Alva Review-Courier -

Thompson explains purpose of Oklahoma Academy


Marione Martin

Lynn Thompson with Oklahoma Academy speaks about the annual Town Hall during the Alva Chamber Community Coffee Friday, June 21.

Whether it was the legislative wrap-up, a tour of the firearms simulator or Karen Koehn's cinnamon rolls, a large crowd attended the Alva Chamber Community Coffee on Friday, June 21.

Northwest Technology Superintendent Darin Slater welcomed everyone, saying when he first came to school they had a wellness plan. "I didn't think those (Koehn's cinnamon rolls) were going to be on the wellness plan."

Chamber Executive Director Alex Mantz spoke about upcoming events. "July 19 we meet again for Community Coffee. We meet at Hopeton State Bank," she said.

"We finish out July with Crazy Days and the Crazy Cool Boulevard Cruise. Our theme is 'Don't Siesta, Fiesta.' Get up early for bargains in town and in the evening we'll have the Crazy Cool Boulevard Cruise.

"Another thing I want the 40 and unders to know, the Chamber of Commerce is in pursuit of a young professionals program. We will let you guys know about that as it unfolds."

Mantz introduced Lynn Thompson, communications and development director of the Oklahoma Academy.

"We are a statewide non-profit, non-partisan, policy-based institution," said Thompson. "We were set up by Gov. Henry Bellmon with the intent of if we have better-engaged, more informed citizens therefore we'll have better-engaged, more informed candidates running for office, therefore a better state.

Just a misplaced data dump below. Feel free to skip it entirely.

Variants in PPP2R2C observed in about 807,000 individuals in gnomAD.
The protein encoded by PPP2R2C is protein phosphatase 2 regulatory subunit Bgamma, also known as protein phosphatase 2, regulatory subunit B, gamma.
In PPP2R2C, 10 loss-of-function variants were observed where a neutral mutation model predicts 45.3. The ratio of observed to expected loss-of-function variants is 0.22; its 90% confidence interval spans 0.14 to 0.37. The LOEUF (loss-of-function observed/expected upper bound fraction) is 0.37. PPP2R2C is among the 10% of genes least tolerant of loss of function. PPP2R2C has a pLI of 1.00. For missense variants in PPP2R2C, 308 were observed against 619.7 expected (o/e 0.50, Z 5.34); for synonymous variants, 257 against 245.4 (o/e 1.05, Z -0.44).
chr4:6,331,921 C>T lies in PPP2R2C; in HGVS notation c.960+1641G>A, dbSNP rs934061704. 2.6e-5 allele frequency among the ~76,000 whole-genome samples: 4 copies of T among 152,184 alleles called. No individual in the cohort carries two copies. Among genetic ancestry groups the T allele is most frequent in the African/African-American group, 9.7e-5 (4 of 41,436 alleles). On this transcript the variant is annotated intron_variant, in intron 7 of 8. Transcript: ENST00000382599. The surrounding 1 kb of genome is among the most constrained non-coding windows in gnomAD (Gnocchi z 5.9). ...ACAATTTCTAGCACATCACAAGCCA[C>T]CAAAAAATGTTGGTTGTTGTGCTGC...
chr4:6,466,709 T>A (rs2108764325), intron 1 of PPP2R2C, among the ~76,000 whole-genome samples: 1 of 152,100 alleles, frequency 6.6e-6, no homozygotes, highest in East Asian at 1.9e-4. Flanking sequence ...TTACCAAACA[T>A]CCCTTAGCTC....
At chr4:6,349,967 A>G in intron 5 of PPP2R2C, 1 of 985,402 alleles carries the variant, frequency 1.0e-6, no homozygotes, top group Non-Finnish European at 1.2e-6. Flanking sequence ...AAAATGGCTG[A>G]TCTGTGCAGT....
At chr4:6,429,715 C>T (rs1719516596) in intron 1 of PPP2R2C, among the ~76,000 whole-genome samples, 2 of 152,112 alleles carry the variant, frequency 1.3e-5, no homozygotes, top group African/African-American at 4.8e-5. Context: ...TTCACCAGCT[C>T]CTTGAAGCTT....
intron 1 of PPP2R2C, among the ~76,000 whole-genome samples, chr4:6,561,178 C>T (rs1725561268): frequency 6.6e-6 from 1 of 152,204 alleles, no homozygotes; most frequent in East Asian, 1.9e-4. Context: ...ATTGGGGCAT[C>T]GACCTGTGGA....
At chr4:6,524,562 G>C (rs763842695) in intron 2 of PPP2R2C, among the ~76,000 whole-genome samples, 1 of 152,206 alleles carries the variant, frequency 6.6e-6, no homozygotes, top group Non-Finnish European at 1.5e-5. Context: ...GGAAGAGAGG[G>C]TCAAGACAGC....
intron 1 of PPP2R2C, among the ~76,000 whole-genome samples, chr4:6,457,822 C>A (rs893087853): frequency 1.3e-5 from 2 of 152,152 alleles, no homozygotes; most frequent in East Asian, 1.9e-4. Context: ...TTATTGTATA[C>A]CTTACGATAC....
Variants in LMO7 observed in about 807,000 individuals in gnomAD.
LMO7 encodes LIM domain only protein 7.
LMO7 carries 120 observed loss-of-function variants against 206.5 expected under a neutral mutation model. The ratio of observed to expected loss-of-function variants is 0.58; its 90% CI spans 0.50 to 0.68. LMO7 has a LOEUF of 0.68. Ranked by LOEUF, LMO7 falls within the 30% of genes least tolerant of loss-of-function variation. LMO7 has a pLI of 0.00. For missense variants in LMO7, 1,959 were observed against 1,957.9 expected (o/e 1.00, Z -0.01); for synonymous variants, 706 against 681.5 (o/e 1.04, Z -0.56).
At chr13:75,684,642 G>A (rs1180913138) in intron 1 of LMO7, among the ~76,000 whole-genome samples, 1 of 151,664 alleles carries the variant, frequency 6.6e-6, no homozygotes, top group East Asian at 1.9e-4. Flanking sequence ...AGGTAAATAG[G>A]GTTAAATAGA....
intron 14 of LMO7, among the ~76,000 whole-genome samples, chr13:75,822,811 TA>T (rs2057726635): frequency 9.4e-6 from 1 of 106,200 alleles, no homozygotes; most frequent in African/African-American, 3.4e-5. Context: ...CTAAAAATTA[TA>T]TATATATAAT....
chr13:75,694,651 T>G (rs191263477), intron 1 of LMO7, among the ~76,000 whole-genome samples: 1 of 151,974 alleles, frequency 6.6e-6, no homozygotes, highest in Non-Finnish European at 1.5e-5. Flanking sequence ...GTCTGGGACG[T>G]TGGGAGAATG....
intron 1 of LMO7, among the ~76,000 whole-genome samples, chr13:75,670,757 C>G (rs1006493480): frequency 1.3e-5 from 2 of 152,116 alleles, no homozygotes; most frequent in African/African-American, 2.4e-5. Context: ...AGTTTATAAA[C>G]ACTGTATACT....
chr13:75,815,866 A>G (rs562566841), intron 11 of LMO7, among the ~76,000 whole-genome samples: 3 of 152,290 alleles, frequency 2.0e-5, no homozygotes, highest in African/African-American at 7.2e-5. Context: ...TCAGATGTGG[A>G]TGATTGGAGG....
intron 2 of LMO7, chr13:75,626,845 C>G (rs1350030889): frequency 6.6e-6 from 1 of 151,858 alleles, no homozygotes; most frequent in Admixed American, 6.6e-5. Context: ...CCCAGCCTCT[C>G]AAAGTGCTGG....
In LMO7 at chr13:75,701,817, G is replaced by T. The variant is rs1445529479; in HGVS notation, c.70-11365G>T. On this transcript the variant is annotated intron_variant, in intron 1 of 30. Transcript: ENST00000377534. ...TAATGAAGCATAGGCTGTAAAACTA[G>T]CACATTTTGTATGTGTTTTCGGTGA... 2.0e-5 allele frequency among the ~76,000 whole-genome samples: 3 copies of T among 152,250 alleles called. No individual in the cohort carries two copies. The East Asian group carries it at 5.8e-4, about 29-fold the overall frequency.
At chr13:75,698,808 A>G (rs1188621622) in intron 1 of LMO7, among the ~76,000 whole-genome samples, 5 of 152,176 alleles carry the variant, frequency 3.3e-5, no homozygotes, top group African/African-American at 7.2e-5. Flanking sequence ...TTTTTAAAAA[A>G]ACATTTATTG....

"We have kept that vision all these years. We do that with a premiere Town Hall we set up each year. The Town Hall conference covers a variety of topics. The topic for 2017 was voting engagement. A lot came out of that. We have done well with getting across the state. People are really taking hold of some of those recommendations that come out of that Town Hall."

Thompson said last year's topic might not sound as appealing. "In 2018 it was the tax code, really exciting one there. But it was very interesting to listen to the discussions. The thing about Town Hall is that it is you the citizens. It's not speakers, it's not people telling you what you should think. It's you coming together and coming out with consensus recommendations. "

He said the Town Hall lasts three days starting on Sunday and ending on Wednesday. "It's a lot of time to give up, but excellent information comes out of it. And when we present it back into the communities, to the legislators, they see that it's the people wanting this. It's not us. This is the people's recommendations. This is what they want to do."

The 2019 Town Hall topic is Oklahoma energy. "Whether it's oil and gas, wind, solar, coal, hydro, biomass, that whole area, because the industry's changing and we need to change with it from a policy standpoint."

The co-chairs this year are Mike Mean, former secretary of energy, and Stuart Solomon who was COO and president of PSO. "We're putting together a background resource document right now," said Thompson. "Each participant gets that on Monday ahead of time. It has tons of information in there, and it's not just a short read. It's around 200 pages or a little bit more.

"When they come in they have a really good focus on what impacts their area, because what impacts you here is not what impacts northeast Oklahoma or other places. It's just different."


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